COVID outbreak at facility for immigrant detainees worsens
TACOMA, Wash. - An outbreak of COVID-19 cases that started in June at a facility for detained immigrants in Tacoma, Washington, has continued to worsen.
The Seattle Times reports since then, 150 people, including seven guards and a federal health care worker, have tested positive at the Northwest ICE Processing Center, according to a lawyer monitoring court-ordered government notices of COVID-19 cases there.
According to a document submitted to federal court by the U.S. Attorney’s Office for Western Washington, the virus surge came as the federal government transferred nearly 1,100 immigrants to the Tacoma detention center in an attempt to relieve overcrowding at holding facilities at the southern border.
Aaron Korthuis of Northwest Immigrant Rights Project said while the government released about 570 detainees it deemed at high risk of contracting COVID-19, "the harm is done."
Virtually all of those who contracted the virus tested positive shortly after arriving at the Tacoma facility, leading Korthuis and his legal rights organization to assert the government is not taking adequate precautions during transfers.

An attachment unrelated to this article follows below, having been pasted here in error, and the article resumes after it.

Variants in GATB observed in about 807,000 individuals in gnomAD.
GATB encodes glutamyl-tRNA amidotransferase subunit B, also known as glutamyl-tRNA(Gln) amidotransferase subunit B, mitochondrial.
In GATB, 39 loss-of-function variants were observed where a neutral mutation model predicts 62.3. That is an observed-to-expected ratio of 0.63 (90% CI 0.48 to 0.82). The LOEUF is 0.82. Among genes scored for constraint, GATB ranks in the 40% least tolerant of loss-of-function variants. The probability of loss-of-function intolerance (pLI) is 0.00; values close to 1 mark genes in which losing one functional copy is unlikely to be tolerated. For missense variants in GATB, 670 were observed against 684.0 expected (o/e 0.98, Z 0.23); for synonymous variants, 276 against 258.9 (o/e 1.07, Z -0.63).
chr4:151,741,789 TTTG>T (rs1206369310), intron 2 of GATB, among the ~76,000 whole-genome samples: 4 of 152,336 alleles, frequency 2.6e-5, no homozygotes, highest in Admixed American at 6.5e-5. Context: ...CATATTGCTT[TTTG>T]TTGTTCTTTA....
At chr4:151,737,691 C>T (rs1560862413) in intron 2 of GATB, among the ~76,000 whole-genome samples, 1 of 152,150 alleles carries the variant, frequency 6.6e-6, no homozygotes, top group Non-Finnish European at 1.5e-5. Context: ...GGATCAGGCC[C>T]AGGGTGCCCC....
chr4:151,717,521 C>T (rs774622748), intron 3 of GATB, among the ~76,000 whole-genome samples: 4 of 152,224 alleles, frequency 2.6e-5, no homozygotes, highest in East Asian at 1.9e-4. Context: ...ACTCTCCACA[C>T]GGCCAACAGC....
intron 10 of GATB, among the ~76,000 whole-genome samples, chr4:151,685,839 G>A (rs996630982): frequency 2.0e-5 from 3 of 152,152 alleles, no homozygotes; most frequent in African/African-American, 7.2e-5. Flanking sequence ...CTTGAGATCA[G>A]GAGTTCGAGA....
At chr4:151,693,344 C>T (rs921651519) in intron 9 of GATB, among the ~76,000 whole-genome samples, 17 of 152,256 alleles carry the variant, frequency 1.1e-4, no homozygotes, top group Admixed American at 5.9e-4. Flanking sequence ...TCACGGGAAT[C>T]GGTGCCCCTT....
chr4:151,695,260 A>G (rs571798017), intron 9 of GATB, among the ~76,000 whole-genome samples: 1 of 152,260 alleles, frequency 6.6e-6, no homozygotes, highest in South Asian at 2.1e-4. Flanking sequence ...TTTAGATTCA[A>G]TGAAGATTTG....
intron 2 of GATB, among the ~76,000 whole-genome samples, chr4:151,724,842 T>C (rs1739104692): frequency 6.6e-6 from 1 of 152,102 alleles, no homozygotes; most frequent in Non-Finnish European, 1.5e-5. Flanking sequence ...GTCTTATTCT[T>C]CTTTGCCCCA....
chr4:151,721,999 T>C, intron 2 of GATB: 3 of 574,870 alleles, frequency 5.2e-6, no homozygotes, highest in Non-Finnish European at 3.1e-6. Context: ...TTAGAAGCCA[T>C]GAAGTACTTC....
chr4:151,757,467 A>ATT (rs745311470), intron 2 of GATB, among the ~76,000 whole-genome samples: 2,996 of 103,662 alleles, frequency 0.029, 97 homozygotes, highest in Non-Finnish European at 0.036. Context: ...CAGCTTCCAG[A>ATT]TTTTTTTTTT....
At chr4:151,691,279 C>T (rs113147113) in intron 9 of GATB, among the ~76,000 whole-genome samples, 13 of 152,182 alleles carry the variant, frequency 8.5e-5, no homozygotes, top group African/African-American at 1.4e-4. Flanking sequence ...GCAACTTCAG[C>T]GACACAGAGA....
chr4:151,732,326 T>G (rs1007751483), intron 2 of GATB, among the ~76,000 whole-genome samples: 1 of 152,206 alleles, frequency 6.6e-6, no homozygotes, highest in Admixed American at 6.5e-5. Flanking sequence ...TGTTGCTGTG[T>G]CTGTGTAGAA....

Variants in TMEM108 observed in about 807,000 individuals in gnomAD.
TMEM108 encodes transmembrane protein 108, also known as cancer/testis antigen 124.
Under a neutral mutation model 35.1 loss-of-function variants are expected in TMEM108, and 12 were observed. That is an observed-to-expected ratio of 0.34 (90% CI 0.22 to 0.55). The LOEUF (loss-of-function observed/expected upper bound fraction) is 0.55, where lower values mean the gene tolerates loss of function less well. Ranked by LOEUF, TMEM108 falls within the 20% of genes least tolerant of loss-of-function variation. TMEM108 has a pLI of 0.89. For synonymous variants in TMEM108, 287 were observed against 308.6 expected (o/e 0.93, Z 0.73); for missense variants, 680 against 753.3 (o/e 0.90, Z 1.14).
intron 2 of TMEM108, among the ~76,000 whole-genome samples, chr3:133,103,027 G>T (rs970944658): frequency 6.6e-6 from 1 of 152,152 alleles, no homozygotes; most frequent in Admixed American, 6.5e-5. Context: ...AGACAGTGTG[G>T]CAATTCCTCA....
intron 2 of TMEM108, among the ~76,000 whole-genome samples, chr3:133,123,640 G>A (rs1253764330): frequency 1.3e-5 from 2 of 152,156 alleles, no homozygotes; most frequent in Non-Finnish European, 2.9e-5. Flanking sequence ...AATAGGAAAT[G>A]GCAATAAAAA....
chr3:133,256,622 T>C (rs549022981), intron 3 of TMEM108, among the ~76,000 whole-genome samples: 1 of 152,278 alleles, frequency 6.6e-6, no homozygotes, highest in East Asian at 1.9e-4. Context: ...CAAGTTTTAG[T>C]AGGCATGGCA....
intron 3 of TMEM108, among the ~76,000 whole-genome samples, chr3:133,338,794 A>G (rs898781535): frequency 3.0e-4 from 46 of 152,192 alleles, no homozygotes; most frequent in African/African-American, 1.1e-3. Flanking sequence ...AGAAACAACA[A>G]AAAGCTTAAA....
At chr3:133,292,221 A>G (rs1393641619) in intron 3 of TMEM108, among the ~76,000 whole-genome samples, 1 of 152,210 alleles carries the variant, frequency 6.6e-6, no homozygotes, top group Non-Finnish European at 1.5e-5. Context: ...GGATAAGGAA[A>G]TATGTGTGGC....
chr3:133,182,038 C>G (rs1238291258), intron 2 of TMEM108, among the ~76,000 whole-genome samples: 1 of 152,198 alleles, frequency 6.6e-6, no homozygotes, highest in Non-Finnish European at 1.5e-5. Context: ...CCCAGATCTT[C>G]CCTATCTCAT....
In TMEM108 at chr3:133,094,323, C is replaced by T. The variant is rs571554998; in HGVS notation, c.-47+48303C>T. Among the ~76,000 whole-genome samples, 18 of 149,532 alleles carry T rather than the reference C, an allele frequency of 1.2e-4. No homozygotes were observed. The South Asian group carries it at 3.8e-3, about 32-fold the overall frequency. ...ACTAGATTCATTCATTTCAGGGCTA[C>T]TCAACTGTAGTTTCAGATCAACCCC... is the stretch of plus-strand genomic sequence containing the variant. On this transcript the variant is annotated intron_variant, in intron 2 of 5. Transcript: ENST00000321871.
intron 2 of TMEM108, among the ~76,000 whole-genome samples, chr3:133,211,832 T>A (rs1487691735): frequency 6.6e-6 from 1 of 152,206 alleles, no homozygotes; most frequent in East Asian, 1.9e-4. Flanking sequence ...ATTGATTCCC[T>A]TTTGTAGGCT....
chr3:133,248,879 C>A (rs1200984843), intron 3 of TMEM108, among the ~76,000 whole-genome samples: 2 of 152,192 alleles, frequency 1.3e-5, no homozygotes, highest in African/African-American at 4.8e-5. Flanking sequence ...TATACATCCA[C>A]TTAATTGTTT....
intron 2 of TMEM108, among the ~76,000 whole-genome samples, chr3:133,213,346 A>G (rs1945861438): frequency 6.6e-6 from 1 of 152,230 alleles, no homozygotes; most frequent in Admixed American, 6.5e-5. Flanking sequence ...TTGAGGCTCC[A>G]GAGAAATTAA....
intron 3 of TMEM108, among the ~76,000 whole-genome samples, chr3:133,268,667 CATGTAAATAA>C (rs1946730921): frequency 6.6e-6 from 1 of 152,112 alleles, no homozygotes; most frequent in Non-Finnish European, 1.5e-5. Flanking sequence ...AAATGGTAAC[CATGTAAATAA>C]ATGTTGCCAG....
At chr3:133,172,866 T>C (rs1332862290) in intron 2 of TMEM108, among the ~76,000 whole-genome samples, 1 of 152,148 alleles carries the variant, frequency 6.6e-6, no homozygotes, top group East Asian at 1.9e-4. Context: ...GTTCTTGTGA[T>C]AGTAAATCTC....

The Northwest Immigrant Rights Project and the American Civil Liberties Union, which are representing detainees in a federal class action lawsuit over safety protocols at the center, contend the government is not following Centers for Disease Control and Prevention guidance in its transfers and is seeking a temporary restraining order compelling compliance.
The government says in legal documents its protocols "may not follow the ideal scenario" outlined by the CDC in its guidance to correctional and detention facilities, but contends it meets the federal health agency’s recommendations.
Immigration and Customs Enforcement verbally screens detainees for COVID-19 symptoms and takes temperatures before flights. But it does not generally test if detainees are asymptomatic or do not report being exposed to someone with COVID-19, according to legal documents. Even rapid testing, which takes about 15 minutes, would be unworkable when transferring large numbers, the government contends.
The government and the GEO Group, the private corporation that operates the detention center under ICE’s supervision, also say they have taken extensive safety precautions. People are kept separate from the general population upon arrival until twice testing negative for COVID-19. And everyone held at the facility — the average population in July was 571 — can be vaccinated.
RELATED: Detainees sue; Northwest immigration jail has positive test
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